On the bright side, at least things should stay interesting in the CPU world. :D
    Reply
  • yyrkoon - Thursday, March 01, 2007 - link

    Yes, interresting indeed, but from experience, AMD has always been too vocal in what they plan on doing, especially during the times they are in a 'rut'.

    What this usually means to me, is that AMD is trying to blow smoke up our backsides, we'll see though.

    Keep in mind, my main desktop system, and my backup server for that matter, both are AMD systems. The phrase "cost effective" applies here.
    Reply
  • kilkennycat - Thursday, March 01, 2007 - link

    Yesterday, Intel announced that they were converting a fourth fab to 45nm. A great deal of confidence in that process. And a few days ago they announced desktop shipments of Penryn-based CPUs pulled forward into 2007. Looks as if AMDs 'window of opportunity' is likely to be very small. IBM has not yet announced a successful implementation of a RAM on their 45nm process. Intel had their RAM design on 45nm up and running late 2005. Reply
  • archcommus - Thursday, March 01, 2007 - link

    True but the move to 45 nm might not make a huge difference in real world performance, just like the move to 65 nm didn't for AMD. Their next full blown architecture will still be a ways off. Reply
  • Roy2001 - Thursday, March 01, 2007 - link

    Dislike AMD's move to 65nm process, move to 45nm has shown that Penryn would eats less power and runs faster thanks to its high K material and metal gate. Reply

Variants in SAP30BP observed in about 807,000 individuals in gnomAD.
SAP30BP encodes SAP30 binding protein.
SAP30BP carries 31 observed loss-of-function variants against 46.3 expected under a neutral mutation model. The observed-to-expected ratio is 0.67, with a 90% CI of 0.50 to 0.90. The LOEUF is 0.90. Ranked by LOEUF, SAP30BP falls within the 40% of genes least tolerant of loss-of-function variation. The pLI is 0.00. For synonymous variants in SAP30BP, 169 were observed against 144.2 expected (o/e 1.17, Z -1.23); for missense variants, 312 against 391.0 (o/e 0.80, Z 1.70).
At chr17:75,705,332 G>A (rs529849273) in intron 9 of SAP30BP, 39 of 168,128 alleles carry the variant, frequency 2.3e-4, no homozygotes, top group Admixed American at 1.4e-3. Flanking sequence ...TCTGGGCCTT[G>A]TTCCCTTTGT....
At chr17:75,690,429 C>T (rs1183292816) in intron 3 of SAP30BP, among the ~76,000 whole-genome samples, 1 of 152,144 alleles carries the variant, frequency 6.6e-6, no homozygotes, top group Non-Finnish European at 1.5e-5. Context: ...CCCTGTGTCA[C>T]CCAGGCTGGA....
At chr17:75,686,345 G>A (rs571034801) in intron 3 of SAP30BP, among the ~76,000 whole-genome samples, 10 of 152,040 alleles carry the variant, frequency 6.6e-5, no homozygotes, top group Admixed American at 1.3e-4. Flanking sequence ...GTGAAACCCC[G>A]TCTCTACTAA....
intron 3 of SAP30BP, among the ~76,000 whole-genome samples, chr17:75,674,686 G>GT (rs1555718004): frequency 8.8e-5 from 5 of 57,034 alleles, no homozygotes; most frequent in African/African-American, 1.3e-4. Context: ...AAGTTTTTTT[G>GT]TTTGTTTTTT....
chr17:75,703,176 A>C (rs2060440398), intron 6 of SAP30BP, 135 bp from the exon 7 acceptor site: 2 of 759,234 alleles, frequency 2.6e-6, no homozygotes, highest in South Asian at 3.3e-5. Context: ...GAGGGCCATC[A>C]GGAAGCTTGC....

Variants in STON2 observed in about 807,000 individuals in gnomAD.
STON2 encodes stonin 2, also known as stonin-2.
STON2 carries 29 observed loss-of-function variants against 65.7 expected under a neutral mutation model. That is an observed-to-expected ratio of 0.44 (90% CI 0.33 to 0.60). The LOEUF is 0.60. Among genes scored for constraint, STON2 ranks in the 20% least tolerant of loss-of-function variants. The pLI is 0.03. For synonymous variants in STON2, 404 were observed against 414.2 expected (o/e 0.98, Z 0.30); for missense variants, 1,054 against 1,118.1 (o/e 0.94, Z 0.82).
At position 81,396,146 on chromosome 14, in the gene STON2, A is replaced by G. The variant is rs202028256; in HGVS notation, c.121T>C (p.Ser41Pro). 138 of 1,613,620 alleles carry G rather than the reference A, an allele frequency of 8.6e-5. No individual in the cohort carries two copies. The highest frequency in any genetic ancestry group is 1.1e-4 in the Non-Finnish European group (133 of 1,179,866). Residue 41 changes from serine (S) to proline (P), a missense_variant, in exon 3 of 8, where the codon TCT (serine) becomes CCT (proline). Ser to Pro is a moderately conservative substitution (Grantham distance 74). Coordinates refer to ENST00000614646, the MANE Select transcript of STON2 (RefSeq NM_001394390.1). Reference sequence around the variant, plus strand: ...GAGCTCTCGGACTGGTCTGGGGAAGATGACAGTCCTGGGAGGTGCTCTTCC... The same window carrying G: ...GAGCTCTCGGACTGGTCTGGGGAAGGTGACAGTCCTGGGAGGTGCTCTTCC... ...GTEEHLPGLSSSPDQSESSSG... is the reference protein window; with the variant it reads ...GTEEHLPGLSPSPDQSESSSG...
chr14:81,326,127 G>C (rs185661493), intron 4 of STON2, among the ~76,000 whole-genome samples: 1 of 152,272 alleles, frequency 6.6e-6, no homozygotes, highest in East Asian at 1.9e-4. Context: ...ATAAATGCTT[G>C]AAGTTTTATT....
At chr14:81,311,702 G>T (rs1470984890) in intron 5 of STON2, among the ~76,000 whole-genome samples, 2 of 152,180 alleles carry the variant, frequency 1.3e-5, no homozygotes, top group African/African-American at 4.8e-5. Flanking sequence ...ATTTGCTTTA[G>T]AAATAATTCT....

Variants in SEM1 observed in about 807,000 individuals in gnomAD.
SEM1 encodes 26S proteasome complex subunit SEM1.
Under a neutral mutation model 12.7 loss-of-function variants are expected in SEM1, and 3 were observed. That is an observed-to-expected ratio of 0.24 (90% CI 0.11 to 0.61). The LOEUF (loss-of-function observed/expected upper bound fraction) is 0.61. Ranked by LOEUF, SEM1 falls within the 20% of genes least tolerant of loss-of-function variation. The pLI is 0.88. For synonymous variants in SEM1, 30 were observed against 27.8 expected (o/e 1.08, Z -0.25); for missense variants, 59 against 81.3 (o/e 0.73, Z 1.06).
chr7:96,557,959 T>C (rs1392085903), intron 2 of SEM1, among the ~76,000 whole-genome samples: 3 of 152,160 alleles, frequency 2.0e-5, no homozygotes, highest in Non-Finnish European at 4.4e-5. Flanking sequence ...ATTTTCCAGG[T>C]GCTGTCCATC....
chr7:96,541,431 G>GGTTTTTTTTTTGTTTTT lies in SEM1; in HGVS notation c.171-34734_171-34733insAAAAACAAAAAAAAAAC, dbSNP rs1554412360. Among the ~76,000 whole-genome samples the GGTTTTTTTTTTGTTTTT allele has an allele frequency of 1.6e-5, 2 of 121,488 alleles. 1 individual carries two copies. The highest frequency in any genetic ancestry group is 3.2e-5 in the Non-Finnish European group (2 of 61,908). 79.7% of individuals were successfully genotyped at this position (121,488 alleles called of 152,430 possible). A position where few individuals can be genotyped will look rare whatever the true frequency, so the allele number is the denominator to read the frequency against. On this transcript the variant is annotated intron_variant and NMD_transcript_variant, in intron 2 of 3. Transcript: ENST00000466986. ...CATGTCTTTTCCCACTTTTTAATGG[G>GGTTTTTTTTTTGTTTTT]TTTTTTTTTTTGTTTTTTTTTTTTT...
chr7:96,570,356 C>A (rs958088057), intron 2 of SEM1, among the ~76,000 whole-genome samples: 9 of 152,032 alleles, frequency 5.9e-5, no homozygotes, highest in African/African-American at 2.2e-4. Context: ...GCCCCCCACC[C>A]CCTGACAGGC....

• smitty3268 - Thursday, March 01, 2007 - link

    Every process shows that in theory before chips are actually being made on it. We'll see what actually happens when Penryn is released, not before. Reply
  • chucky2 - Thursday, March 01, 2007 - link

    Has AMD given any indication of how probable dropping an Agena or Kuma CPU into an existing AM2 motherboard will go?

    Especially AMD's own newly released 690G or the upcoming nVidia MCP68?

    Chuck
    Reply
  • mamisano - Thursday, March 01, 2007 - link

    It has been stated in the past that AM2+ based products will run in AM2 based boards. The limitation, if I understand it correctly, will be the lack of support of the new power features.

    Someone correct me if I am wrong :)
    Reply
  • chucky2 - Thursday, March 01, 2007 - link

    Then it should be no problem for AMD to confirm through AnandTech that this is the case.

    Surely if Barcelona is this close to shipping (only a few months away), AMD must know if Agena and/or Kuma will work in current AM2 motherboards, especially their own 690 series their just about to release.

    All I'm asking for is a definite either way, it shouldn't be that hard for AMD to do at this point.

    Chuck
    Reply
  • mino - Friday, March 02, 2007 - link

    AMD stated PUBLICLY to anyone who listened that AM2+ stuff will plug into AM2, just BIOS update needed.

    Why should they react to any consumer who ask on some forum the same question every second week ?

    Most important is they said it WILL(not "may") work with AM2-spec boards to big Tier 1 OEM's.
    They can not make it incompatible therefore. They would be out of bussines in no time.
    Reply